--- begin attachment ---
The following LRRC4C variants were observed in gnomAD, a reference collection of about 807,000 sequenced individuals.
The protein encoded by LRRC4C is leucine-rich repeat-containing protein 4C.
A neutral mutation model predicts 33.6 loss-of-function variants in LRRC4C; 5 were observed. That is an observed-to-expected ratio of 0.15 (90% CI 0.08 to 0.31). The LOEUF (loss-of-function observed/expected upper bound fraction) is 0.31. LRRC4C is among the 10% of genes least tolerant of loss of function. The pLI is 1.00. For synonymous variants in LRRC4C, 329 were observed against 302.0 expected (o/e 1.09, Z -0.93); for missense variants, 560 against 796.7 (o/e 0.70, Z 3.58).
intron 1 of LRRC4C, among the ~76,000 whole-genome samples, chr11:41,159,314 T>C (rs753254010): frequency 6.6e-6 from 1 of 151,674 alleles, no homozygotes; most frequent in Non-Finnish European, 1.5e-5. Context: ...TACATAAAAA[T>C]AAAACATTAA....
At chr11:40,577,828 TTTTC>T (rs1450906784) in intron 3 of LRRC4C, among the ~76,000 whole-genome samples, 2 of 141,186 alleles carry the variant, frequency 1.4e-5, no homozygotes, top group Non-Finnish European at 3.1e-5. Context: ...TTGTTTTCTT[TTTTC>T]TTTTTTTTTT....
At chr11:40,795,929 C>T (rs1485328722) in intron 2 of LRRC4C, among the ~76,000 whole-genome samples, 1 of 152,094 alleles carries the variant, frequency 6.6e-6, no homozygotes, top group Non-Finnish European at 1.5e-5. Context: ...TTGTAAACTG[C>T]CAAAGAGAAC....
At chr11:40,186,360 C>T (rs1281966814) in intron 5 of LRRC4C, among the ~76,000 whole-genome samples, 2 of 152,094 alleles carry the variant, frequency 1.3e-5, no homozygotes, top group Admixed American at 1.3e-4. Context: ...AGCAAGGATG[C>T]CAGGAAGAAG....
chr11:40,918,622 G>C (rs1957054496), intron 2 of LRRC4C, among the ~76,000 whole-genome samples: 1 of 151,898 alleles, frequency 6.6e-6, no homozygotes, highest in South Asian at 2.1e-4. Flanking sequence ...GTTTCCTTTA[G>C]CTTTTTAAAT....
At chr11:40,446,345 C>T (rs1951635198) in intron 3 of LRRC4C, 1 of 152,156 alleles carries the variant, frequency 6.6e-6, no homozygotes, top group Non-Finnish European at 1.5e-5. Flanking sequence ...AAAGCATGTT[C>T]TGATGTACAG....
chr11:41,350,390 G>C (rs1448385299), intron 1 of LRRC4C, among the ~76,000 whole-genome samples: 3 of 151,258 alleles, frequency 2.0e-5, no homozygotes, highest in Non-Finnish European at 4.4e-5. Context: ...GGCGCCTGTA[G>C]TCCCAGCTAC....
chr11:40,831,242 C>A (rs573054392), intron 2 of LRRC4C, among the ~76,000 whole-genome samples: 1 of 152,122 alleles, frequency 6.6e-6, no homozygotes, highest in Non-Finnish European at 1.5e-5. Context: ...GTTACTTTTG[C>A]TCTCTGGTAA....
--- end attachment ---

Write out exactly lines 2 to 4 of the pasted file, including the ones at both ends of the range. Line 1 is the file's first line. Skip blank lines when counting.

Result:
The protein encoded by LRRC4C is leucine-rich repeat-containing protein 4C.
A neutral mutation model predicts 33.6 loss-of-function variants in LRRC4C; 5 were observed. That is an observed-to-expected ratio of 0.15 (90% CI 0.08 to 0.31). The LOEUF (loss-of-function observed/expected upper bound fraction) is 0.31. LRRC4C is among the 10% of genes least tolerant of loss of function. The pLI is 1.00. For synonymous variants in LRRC4C, 329 were observed against 302.0 expected (o/e 1.09, Z -0.93); for missense variants, 560 against 796.7 (o/e 0.70, Z 3.58).
intron 1 of LRRC4C, among the ~76,000 whole-genome samples, chr11:41,159,314 T>C (rs753254010): frequency 6.6e-6 from 1 of 151,674 alleles, no homozygotes; most frequent in Non-Finnish European, 1.5e-5. Context: ...TACATAAAAA[T>C]AAAACATTAA....